SAN FRANCISCO (AP) — An attorney for California was grilled by a federal judge skeptical of a push by 18 states to immediately reinstate Affordable Health Care Act subsidies cut off by the Trump administration.
U.S. District Judge Vince Chhabria said he would likely issue a ruling on Tuesday, a day after he said at a hearing that California and other states had protected consumers from the loss of the funding so people didn't face an immediate threat of higher insurance costs.
California, 17 other states and the District of Columbia want the judge to force the government to make the payments as their lawsuit challenging the end of the subsidies works its way through the courts, which will take months.
State attorneys general, led by California Democrat Xavier Becerra, argue the monthly payments to insurance providers are required under former President Barack Obama's health care law. Without them, consumers will face higher costs and insurers will back out of the law's health insurance markets, causing them to fall apart, the states say.
The cost-sharing payments reimburse insurers for providing lower-income people with discounts on out-of-pocket costs. President Donald Trump halted the subsidies earlier this month, criticizing them as insurance company bailouts.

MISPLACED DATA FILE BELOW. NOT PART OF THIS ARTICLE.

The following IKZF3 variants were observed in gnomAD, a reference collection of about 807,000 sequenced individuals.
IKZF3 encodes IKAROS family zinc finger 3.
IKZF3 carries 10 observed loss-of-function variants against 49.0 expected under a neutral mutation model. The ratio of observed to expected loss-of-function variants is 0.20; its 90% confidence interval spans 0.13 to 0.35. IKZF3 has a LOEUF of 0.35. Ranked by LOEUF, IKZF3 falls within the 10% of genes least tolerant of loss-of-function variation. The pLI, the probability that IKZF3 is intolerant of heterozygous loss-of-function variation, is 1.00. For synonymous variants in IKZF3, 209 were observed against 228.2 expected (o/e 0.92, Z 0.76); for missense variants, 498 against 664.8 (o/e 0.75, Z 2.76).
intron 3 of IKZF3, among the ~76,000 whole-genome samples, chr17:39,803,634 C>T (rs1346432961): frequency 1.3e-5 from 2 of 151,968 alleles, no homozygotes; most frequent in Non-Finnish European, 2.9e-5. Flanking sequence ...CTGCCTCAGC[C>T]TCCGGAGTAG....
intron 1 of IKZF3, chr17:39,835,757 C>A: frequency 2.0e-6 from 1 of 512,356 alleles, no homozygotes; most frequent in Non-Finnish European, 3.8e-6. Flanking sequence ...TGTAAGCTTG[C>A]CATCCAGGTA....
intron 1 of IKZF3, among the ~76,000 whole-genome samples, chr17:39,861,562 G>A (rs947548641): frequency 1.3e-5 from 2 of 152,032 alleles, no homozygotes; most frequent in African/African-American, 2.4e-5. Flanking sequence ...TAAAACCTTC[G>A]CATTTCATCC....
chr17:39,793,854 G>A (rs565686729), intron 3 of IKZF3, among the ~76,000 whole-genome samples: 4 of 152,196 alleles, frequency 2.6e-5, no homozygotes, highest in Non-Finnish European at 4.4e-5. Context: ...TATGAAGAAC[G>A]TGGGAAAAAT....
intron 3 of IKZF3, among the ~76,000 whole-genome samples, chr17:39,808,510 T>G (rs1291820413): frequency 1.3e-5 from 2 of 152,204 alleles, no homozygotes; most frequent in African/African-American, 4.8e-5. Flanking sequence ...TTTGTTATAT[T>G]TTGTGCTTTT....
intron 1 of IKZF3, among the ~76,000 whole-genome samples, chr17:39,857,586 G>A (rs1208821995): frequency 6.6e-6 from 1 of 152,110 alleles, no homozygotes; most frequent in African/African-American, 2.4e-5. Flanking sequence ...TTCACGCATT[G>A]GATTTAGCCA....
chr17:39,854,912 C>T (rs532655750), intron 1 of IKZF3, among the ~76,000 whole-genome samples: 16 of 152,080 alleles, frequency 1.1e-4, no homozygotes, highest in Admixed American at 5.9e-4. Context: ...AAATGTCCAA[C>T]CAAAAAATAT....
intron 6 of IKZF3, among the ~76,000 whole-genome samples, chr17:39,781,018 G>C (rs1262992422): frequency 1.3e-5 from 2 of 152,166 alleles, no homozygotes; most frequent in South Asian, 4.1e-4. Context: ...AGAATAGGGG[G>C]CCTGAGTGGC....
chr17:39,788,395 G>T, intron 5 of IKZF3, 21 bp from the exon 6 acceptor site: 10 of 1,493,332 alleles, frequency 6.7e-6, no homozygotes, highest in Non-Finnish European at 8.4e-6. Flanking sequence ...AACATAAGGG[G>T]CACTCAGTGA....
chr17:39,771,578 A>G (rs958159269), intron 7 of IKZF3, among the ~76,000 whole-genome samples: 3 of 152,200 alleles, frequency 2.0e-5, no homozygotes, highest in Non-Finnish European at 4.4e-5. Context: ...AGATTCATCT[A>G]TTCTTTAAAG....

California and other states had anticipated the subsidies would end and found a way to ensure consumers would not pay more for insurance, Chhabria, an Obama appointee, said during a hearing. The states limited the plans for which insurers could hike premiums to make up for the lost subsidies and ensured that many people will get more tax credits for their health insurance purchases, the judge said.
Chhabria peppered an attorney for California with questions about why he should force the administration to resume payments when the states had devised a workaround that would benefit many consumers.
"The state of California is standing on the courthouse steps denouncing the president for taking away people's health care, when the truth is that California has come up with a solution to that issue that is going to result in better health care for a lot of people," Chhabria said.
Gregory Brown, who represented California at the hearing, said the loss of the subsidies was creating "uncertainty and chaos" that could lead insurance companies to opt out of the health law.
The states joining California in the lawsuit are: Connecticut, Delaware, Illinois, Iowa, Kentucky, Maryland, Massachusetts, Minnesota, New Mexico, New York, North Carolina, Oregon, Pennsylvania, Rhode Island, Vermont, Virginia and Washington, along with the District of Columbia.
Associated Press writer Jonathan J. Cooper in Sacramento contributed to this report.